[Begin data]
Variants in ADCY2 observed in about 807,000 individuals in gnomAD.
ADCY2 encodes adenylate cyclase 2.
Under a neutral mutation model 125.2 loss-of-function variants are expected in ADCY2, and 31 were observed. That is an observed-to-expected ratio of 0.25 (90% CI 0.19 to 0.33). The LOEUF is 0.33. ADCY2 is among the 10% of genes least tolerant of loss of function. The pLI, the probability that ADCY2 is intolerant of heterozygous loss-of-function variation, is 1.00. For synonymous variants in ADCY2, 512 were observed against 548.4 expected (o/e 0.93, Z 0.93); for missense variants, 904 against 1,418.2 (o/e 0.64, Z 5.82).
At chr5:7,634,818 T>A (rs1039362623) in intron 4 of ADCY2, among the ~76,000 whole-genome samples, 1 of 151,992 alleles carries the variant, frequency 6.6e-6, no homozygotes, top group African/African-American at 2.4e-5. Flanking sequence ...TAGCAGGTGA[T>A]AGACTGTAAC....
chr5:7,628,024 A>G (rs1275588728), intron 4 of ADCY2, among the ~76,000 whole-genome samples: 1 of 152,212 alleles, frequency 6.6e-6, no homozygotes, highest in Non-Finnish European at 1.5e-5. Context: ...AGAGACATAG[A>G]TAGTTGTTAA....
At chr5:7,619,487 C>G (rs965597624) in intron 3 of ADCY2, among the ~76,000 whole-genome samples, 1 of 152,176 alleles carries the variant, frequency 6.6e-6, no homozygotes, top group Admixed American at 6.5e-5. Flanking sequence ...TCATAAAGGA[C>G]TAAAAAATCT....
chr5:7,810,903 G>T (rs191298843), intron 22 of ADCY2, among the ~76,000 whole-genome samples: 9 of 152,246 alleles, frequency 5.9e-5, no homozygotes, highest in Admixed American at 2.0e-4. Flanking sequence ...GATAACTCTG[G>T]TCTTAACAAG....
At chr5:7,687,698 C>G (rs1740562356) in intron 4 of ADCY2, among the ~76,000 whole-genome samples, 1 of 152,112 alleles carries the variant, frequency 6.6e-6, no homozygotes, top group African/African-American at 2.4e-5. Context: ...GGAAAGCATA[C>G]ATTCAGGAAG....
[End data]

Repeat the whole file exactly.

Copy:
Variants in ADCY2 observed in about 807,000 individuals in gnomAD.
ADCY2 encodes adenylate cyclase 2.
Under a neutral mutation model 125.2 loss-of-function variants are expected in ADCY2, and 31 were observed. That is an observed-to-expected ratio of 0.25 (90% CI 0.19 to 0.33). The LOEUF is 0.33. ADCY2 is among the 10% of genes least tolerant of loss of function. The pLI, the probability that ADCY2 is intolerant of heterozygous loss-of-function variation, is 1.00. For synonymous variants in ADCY2, 512 were observed against 548.4 expected (o/e 0.93, Z 0.93); for missense variants, 904 against 1,418.2 (o/e 0.64, Z 5.82).
At chr5:7,634,818 T>A (rs1039362623) in intron 4 of ADCY2, among the ~76,000 whole-genome samples, 1 of 151,992 alleles carries the variant, frequency 6.6e-6, no homozygotes, top group African/African-American at 2.4e-5. Flanking sequence ...TAGCAGGTGA[T>A]AGACTGTAAC....
chr5:7,628,024 A>G (rs1275588728), intron 4 of ADCY2, among the ~76,000 whole-genome samples: 1 of 152,212 alleles, frequency 6.6e-6, no homozygotes, highest in Non-Finnish European at 1.5e-5. Context: ...AGAGACATAG[A>G]TAGTTGTTAA....
At chr5:7,619,487 C>G (rs965597624) in intron 3 of ADCY2, among the ~76,000 whole-genome samples, 1 of 152,176 alleles carries the variant, frequency 6.6e-6, no homozygotes, top group Admixed American at 6.5e-5. Flanking sequence ...TCATAAAGGA[C>G]TAAAAAATCT....
chr5:7,810,903 G>T (rs191298843), intron 22 of ADCY2, among the ~76,000 whole-genome samples: 9 of 152,246 alleles, frequency 5.9e-5, no homozygotes, highest in Admixed American at 2.0e-4. Flanking sequence ...GATAACTCTG[G>T]TCTTAACAAG....
At chr5:7,687,698 C>G (rs1740562356) in intron 4 of ADCY2, among the ~76,000 whole-genome samples, 1 of 152,112 alleles carries the variant, frequency 6.6e-6, no homozygotes, top group African/African-American at 2.4e-5. Context: ...GGAAAGCATA[C>G]ATTCAGGAAG....